Faced by the Welsh part-timers of Inter Cable-Tel, they rarely raised their game above paddling pace while doing enough to restore some of their confidence and effectively secure a place in the qualifying round of the Uefa Cup.
It satisfied their fans who made up the bulk of the crowd, but there was little to suggest they will take their run in the competition from midsummer to midwinter.
Inter's campaign will not go beyond Tuesday's return leg at Parkhead, but the players, some just making pounds 30 a week from their football talent will remember the tie for much longer. "I feared the worst beforehand," George Wood, the Inter manager, said. "Celtic have international stars while some of our team were pub players two years ago. We went through 20 toilet rolls in the dressing-room."
Wood, the former Everton and Scotland goalkeeper, was even more concerned after Inter went behind to a foolishly conceded penalty after five minutes, but he finished the night justifiably "so proud of them". The 44-year- old likened his team to "a good Dr Marten's League side".
The gulf between them and Celtic rarely appeared that large, even if it was 76 minutes before Gordon Marshall in the Celtic goal had to make a save.
Celtic had approached the tie cautiously. The high-profile absences of Paolo Di Canio and Jorge Cadete, the long search for a manager and the recent defeat to Derry City had left fans ill at ease. Defeat, although an unlikely prospect, was being actively discussed with the chairman of the supporters' club admitting: "The fans are worried about a major slip- up if Celtic don't perform."
The early goal erased such fears. Wayne Hewitt, having been left on his backside by Jackie McNamara, rashly attempted a second tackle and brought him down. Andreas Thom scored easily from the spot.
Celtic supporters now sat back and awaited the deluge. Instead they, and the new manager, Wim Jansen, were presented with a reprise of the Tommy Burns reign as Inter refused to crumble.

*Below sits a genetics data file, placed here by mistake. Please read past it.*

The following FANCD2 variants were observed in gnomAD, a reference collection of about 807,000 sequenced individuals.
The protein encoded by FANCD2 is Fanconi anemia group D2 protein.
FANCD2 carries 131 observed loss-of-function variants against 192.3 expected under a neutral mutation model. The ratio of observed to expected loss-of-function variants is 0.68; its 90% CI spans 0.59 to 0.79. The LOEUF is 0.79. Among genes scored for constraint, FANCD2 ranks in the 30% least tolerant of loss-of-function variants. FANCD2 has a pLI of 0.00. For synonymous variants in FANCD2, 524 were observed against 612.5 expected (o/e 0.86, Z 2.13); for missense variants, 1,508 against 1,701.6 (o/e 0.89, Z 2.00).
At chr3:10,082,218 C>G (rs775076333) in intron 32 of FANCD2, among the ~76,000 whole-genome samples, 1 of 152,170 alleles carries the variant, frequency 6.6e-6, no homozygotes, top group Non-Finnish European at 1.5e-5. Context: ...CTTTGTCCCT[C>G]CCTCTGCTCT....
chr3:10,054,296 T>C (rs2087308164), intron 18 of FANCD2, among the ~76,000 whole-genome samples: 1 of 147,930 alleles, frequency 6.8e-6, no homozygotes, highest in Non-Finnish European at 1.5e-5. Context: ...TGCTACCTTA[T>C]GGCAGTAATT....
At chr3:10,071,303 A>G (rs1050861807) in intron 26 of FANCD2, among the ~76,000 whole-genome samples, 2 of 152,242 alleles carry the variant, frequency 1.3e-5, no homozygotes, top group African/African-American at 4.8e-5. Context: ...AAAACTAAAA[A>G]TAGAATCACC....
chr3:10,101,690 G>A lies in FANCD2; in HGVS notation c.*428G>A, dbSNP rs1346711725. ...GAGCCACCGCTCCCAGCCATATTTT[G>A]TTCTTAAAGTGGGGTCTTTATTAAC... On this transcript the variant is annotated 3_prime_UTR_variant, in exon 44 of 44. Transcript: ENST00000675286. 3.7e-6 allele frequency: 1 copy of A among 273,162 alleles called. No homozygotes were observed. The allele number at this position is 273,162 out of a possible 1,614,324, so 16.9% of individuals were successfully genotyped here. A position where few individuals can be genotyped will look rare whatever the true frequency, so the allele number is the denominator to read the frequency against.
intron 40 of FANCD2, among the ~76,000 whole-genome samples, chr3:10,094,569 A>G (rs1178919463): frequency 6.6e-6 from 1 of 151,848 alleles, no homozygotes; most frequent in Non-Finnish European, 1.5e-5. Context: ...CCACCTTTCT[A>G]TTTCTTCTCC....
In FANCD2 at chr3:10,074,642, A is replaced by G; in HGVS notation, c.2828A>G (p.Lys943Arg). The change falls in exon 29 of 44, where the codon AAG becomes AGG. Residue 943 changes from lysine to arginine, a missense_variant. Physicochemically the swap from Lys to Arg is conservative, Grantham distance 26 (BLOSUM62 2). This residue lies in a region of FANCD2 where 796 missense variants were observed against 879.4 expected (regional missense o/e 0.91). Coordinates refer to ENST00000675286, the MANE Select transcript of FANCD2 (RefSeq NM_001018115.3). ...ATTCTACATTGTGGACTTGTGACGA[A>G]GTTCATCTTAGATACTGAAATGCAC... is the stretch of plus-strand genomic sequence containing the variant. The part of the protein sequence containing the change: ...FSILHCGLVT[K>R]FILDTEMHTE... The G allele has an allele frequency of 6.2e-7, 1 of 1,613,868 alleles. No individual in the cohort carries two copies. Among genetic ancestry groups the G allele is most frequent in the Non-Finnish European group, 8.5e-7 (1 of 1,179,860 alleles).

Celtic played attractive passing football using the full width of the pitch, but as often in recent years, failed to turn possession into chances.
So ineffectual were they that the next shot was from the Cardiff club's Brian Gibson after 21 minutes. The balding midfielder, manager of the local Spar grocery, volleyed well over from 30 yards.
Eight minutes later, Thom finally brought a save from Marty Ellacott. The full-time fireman and part-time goalkeeper reacted well to turn away his fierce 20-yard drive. That was followed by a slick one-two with Morten Wieghorst, only for Thom to finish by shooting into the side netting.
Inter by this stage had won a corner, but seconds before half-time they went two down, Tommy Johnson tapping in Tosh McKinlay's cross.
Still the part-timers maintained their discipline and they grew in confidence until Neil Davies finally brought Marshall into action with a snap shot.
By then Jansen had introduced Darren Jackson, their new signing from Hibernian. He soon brought a fine save from Ellacott with a close-range shot. From the corner, Wieghorst scored the third. "The result was important," Jansen said.
The only disappointment for Inter was the size of the crowd. Just under 7,000, it may have been 6,600 better than usual, but was 3,000 less than had been hoped for. Perhaps, like Celtic, the absentees also thought it was a bit too early for football.
Inter Cable-Tel (5-3-2) Ellacott; Williams, Philpott, David, Rickard, Hewitt; Gibson (Murray, 62), Wharton, Davies; Haig (Wile, 80), Burrows (Jenkins, 70).
Celtic (3-4-2-1) Marshall; Hannah, Boyd, Stubbs; McNamara, Wieghorst, Gray, McKinlay; Donnelly, Thom; Johnson (Jackson, 70).
Referee: A Ibanez (Sp).Reuse content